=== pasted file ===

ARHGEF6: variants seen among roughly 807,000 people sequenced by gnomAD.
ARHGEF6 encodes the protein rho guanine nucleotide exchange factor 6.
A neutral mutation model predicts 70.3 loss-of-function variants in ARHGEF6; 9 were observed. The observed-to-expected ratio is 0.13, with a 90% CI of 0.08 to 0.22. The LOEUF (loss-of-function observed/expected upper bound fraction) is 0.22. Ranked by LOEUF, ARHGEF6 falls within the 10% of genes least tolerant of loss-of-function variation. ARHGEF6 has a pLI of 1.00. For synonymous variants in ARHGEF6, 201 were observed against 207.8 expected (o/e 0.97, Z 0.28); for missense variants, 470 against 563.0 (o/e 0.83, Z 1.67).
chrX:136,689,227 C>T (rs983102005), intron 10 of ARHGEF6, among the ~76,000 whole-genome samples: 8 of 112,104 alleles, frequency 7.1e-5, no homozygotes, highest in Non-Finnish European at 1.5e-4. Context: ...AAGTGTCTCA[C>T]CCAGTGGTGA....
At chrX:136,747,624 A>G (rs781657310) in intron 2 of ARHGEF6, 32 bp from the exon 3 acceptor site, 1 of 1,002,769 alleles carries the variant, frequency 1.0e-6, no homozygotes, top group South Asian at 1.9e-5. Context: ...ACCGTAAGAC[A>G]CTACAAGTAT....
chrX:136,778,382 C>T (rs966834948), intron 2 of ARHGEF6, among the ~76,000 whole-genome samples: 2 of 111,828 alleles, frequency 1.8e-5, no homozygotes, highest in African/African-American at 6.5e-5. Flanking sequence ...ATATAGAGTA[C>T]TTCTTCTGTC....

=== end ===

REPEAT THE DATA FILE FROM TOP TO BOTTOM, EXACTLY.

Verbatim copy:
ARHGEF6: variants seen among roughly 807,000 people sequenced by gnomAD.
ARHGEF6 encodes the protein rho guanine nucleotide exchange factor 6.
A neutral mutation model predicts 70.3 loss-of-function variants in ARHGEF6; 9 were observed. The observed-to-expected ratio is 0.13, with a 90% CI of 0.08 to 0.22. The LOEUF (loss-of-function observed/expected upper bound fraction) is 0.22. Ranked by LOEUF, ARHGEF6 falls within the 10% of genes least tolerant of loss-of-function variation. ARHGEF6 has a pLI of 1.00. For synonymous variants in ARHGEF6, 201 were observed against 207.8 expected (o/e 0.97, Z 0.28); for missense variants, 470 against 563.0 (o/e 0.83, Z 1.67).
chrX:136,689,227 C>T (rs983102005), intron 10 of ARHGEF6, among the ~76,000 whole-genome samples: 8 of 112,104 alleles, frequency 7.1e-5, no homozygotes, highest in Non-Finnish European at 1.5e-4. Context: ...AAGTGTCTCA[C>T]CCAGTGGTGA....
At chrX:136,747,624 A>G (rs781657310) in intron 2 of ARHGEF6, 32 bp from the exon 3 acceptor site, 1 of 1,002,769 alleles carries the variant, frequency 1.0e-6, no homozygotes, top group South Asian at 1.9e-5. Context: ...ACCGTAAGAC[A>G]CTACAAGTAT....
chrX:136,778,382 C>T (rs966834948), intron 2 of ARHGEF6, among the ~76,000 whole-genome samples: 2 of 111,828 alleles, frequency 1.8e-5, no homozygotes, highest in African/African-American at 6.5e-5. Flanking sequence ...ATATAGAGTA[C>T]TTCTTCTGTC....